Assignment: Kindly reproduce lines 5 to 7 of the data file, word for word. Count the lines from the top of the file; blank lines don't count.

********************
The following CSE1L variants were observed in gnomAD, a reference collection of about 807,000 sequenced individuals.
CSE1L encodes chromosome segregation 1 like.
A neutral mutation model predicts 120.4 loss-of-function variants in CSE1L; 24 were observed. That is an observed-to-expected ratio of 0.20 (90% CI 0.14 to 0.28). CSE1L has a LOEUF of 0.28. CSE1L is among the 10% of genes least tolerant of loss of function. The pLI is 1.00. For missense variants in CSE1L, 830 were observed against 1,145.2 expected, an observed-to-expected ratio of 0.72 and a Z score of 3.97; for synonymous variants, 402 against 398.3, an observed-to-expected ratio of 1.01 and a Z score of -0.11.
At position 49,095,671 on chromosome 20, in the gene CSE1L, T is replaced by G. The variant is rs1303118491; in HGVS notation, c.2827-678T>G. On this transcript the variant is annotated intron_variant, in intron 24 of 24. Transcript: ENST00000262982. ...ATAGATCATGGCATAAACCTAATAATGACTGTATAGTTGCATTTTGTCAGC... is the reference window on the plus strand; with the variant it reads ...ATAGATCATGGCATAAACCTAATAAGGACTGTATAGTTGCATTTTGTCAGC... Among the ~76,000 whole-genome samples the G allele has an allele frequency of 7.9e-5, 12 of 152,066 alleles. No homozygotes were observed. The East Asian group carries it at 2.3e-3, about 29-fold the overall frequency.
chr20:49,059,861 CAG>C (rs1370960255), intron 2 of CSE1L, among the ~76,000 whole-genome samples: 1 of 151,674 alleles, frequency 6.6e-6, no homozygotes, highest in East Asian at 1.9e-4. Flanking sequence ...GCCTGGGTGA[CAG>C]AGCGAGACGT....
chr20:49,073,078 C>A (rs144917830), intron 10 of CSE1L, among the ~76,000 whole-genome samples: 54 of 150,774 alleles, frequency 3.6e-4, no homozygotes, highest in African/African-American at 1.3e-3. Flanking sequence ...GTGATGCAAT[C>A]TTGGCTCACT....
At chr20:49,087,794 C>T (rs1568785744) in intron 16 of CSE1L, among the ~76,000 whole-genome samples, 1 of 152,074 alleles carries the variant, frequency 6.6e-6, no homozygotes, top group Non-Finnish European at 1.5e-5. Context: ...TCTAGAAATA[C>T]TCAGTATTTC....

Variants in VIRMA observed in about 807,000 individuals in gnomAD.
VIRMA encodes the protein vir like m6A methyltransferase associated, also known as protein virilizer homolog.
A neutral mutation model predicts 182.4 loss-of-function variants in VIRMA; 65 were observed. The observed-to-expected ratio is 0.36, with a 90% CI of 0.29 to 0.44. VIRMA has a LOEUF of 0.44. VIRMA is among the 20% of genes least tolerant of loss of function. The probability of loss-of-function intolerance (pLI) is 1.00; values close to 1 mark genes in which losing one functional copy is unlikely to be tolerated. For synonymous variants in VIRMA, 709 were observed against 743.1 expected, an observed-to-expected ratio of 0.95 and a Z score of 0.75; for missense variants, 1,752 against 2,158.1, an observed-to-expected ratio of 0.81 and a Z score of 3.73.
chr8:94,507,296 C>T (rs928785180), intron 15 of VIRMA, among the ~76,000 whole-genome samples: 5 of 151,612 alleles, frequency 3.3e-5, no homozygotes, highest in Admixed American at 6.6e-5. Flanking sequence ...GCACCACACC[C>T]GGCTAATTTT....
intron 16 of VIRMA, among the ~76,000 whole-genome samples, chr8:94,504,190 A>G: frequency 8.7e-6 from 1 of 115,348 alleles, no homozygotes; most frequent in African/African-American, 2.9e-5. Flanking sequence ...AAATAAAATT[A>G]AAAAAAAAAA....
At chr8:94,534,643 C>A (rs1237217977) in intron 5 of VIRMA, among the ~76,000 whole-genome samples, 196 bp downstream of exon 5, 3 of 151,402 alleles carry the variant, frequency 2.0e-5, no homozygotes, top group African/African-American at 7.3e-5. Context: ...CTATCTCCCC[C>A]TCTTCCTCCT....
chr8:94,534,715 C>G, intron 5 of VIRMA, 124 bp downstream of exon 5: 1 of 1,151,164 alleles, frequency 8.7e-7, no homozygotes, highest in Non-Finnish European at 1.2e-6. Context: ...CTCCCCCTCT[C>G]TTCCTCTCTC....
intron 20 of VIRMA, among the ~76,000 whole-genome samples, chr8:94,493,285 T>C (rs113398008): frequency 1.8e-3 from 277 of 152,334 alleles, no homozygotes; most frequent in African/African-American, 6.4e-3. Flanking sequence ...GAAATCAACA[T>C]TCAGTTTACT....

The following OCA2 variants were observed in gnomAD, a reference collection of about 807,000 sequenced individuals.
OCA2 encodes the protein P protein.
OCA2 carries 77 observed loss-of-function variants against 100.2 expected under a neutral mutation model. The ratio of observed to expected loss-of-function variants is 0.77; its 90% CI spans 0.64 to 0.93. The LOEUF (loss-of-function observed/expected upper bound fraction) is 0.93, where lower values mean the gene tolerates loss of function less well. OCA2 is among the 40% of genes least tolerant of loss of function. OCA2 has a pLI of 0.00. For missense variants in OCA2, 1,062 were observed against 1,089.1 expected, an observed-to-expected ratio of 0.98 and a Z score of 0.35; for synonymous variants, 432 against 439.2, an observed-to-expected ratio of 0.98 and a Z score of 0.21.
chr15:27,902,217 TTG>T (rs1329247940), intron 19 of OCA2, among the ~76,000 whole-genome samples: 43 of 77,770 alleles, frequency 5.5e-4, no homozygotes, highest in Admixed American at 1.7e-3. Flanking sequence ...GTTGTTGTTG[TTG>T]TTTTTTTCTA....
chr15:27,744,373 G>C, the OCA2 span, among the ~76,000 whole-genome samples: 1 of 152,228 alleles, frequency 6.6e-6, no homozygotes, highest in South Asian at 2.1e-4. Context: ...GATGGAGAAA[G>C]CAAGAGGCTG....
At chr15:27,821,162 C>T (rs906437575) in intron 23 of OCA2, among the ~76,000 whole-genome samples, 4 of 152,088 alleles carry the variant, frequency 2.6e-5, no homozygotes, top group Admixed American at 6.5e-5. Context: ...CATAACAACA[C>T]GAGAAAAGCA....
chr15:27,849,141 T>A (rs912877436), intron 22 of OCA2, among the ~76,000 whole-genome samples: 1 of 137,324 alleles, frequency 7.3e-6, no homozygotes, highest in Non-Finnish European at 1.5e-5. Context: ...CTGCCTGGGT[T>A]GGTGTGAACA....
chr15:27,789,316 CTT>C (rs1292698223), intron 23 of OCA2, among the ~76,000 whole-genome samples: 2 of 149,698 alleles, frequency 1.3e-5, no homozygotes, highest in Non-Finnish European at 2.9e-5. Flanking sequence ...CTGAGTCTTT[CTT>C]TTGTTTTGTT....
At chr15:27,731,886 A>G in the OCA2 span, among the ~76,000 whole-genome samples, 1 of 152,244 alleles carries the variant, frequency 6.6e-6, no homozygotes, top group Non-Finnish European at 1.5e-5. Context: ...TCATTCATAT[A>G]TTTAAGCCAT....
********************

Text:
chr20:49,059,861 CAG>C (rs1370960255), intron 2 of CSE1L, among the ~76,000 whole-genome samples: 1 of 151,674 alleles, frequency 6.6e-6, no homozygotes, highest in East Asian at 1.9e-4. Flanking sequence ...GCCTGGGTGA[CAG>C]AGCGAGACGT....
chr20:49,073,078 C>A (rs144917830), intron 10 of CSE1L, among the ~76,000 whole-genome samples: 54 of 150,774 alleles, frequency 3.6e-4, no homozygotes, highest in African/African-American at 1.3e-3. Flanking sequence ...GTGATGCAAT[C>A]TTGGCTCACT....
At chr20:49,087,794 C>T (rs1568785744) in intron 16 of CSE1L, among the ~76,000 whole-genome samples, 1 of 152,074 alleles carries the variant, frequency 6.6e-6, no homozygotes, top group Non-Finnish European at 1.5e-5. Context: ...TCTAGAAATA[C>T]TCAGTATTTC....